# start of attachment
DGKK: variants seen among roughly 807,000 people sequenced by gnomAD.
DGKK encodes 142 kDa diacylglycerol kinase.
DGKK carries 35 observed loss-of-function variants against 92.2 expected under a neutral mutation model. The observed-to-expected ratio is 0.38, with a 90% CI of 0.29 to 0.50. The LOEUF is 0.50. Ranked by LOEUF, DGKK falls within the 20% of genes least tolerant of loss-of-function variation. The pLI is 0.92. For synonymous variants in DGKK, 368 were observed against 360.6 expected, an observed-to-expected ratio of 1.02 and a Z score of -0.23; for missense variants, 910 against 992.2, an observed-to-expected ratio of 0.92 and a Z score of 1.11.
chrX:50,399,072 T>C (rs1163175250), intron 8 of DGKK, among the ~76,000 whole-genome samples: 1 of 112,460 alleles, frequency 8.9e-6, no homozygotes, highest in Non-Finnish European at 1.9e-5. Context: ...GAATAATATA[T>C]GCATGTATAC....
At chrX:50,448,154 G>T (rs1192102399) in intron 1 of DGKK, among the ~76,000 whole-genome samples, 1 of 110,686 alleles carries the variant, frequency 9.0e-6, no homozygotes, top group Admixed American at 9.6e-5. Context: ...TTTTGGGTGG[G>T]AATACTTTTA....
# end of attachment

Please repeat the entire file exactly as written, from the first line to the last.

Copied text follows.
DGKK: variants seen among roughly 807,000 people sequenced by gnomAD.
DGKK encodes 142 kDa diacylglycerol kinase.
DGKK carries 35 observed loss-of-function variants against 92.2 expected under a neutral mutation model. The observed-to-expected ratio is 0.38, with a 90% CI of 0.29 to 0.50. The LOEUF is 0.50. Ranked by LOEUF, DGKK falls within the 20% of genes least tolerant of loss-of-function variation. The pLI is 0.92. For synonymous variants in DGKK, 368 were observed against 360.6 expected, an observed-to-expected ratio of 1.02 and a Z score of -0.23; for missense variants, 910 against 992.2, an observed-to-expected ratio of 0.92 and a Z score of 1.11.
chrX:50,399,072 T>C (rs1163175250), intron 8 of DGKK, among the ~76,000 whole-genome samples: 1 of 112,460 alleles, frequency 8.9e-6, no homozygotes, highest in Non-Finnish European at 1.9e-5. Context: ...GAATAATATA[T>C]GCATGTATAC....
At chrX:50,448,154 G>T (rs1192102399) in intron 1 of DGKK, among the ~76,000 whole-genome samples, 1 of 110,686 alleles carries the variant, frequency 9.0e-6, no homozygotes, top group Admixed American at 9.6e-5. Context: ...TTTTGGGTGG[G>T]AATACTTTTA....